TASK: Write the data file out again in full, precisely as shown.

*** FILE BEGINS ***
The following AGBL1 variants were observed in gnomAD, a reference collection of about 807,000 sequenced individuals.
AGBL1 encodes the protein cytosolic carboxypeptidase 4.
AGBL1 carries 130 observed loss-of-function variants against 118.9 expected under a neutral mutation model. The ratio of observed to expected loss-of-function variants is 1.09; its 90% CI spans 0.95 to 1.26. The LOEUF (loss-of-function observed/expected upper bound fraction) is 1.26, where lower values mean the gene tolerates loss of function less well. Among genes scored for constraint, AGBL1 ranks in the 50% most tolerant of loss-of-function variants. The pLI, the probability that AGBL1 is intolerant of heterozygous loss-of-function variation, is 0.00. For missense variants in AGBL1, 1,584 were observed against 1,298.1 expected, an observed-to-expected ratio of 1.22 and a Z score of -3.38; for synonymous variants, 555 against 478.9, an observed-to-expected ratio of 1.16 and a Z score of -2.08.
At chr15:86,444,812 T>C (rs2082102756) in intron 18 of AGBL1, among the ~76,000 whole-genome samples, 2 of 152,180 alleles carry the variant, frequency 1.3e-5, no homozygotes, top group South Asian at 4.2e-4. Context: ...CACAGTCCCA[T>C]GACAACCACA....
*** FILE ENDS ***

The following AGBL1 variants were observed in gnomAD, a reference collection of about 807,000 sequenced individuals.
AGBL1 encodes the protein cytosolic carboxypeptidase 4.
AGBL1 carries 130 observed loss-of-function variants against 118.9 expected under a neutral mutation model. The ratio of observed to expected loss-of-function variants is 1.09; its 90% CI spans 0.95 to 1.26. The LOEUF (loss-of-function observed/expected upper bound fraction) is 1.26, where lower values mean the gene tolerates loss of function less well. Among genes scored for constraint, AGBL1 ranks in the 50% most tolerant of loss-of-function variants. The pLI, the probability that AGBL1 is intolerant of heterozygous loss-of-function variation, is 0.00. For missense variants in AGBL1, 1,584 were observed against 1,298.1 expected, an observed-to-expected ratio of 1.22 and a Z score of -3.38; for synonymous variants, 555 against 478.9, an observed-to-expected ratio of 1.16 and a Z score of -2.08.
At chr15:86,444,812 T>C (rs2082102756) in intron 18 of AGBL1, among the ~76,000 whole-genome samples, 2 of 152,180 alleles carry the variant, frequency 1.3e-5, no homozygotes, top group South Asian at 4.2e-4. Context: ...CACAGTCCCA[T>C]GACAACCACA....